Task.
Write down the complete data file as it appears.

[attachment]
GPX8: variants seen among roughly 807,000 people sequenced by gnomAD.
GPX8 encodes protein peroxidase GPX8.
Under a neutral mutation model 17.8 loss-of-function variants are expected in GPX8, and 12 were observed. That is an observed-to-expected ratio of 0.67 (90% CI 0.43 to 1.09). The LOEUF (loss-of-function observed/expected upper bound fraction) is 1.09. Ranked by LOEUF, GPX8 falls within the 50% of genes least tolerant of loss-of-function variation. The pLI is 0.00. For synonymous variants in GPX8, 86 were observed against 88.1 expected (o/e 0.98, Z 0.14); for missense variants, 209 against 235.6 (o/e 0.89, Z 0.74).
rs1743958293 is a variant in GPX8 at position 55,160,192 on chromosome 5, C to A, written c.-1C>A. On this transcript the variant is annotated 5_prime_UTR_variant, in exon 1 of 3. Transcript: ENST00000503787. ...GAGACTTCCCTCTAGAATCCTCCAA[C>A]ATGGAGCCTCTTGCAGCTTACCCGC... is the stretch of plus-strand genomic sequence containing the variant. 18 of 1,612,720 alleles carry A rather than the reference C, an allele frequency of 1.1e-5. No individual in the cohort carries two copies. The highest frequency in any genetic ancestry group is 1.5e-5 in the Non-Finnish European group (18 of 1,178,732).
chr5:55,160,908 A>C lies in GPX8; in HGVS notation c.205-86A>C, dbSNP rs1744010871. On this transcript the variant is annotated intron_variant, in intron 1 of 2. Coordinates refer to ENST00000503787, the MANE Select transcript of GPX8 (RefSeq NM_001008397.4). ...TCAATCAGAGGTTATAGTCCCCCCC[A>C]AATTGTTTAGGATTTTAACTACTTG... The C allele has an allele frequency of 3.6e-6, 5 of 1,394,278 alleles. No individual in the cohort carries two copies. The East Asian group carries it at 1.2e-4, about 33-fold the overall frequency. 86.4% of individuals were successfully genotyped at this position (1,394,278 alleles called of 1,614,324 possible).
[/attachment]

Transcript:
GPX8: variants seen among roughly 807,000 people sequenced by gnomAD.
GPX8 encodes protein peroxidase GPX8.
Under a neutral mutation model 17.8 loss-of-function variants are expected in GPX8, and 12 were observed. That is an observed-to-expected ratio of 0.67 (90% CI 0.43 to 1.09). The LOEUF (loss-of-function observed/expected upper bound fraction) is 1.09. Ranked by LOEUF, GPX8 falls within the 50% of genes least tolerant of loss-of-function variation. The pLI is 0.00. For synonymous variants in GPX8, 86 were observed against 88.1 expected (o/e 0.98, Z 0.14); for missense variants, 209 against 235.6 (o/e 0.89, Z 0.74).
rs1743958293 is a variant in GPX8 at position 55,160,192 on chromosome 5, C to A, written c.-1C>A. On this transcript the variant is annotated 5_prime_UTR_variant, in exon 1 of 3. Transcript: ENST00000503787. ...GAGACTTCCCTCTAGAATCCTCCAA[C>A]ATGGAGCCTCTTGCAGCTTACCCGC... is the stretch of plus-strand genomic sequence containing the variant. 18 of 1,612,720 alleles carry A rather than the reference C, an allele frequency of 1.1e-5. No individual in the cohort carries two copies. The highest frequency in any genetic ancestry group is 1.5e-5 in the Non-Finnish European group (18 of 1,178,732).
chr5:55,160,908 A>C lies in GPX8; in HGVS notation c.205-86A>C, dbSNP rs1744010871. On this transcript the variant is annotated intron_variant, in intron 1 of 2. Coordinates refer to ENST00000503787, the MANE Select transcript of GPX8 (RefSeq NM_001008397.4). ...TCAATCAGAGGTTATAGTCCCCCCC[A>C]AATTGTTTAGGATTTTAACTACTTG... The C allele has an allele frequency of 3.6e-6, 5 of 1,394,278 alleles. No individual in the cohort carries two copies. The East Asian group carries it at 1.2e-4, about 33-fold the overall frequency. 86.4% of individuals were successfully genotyped at this position (1,394,278 alleles called of 1,614,324 possible).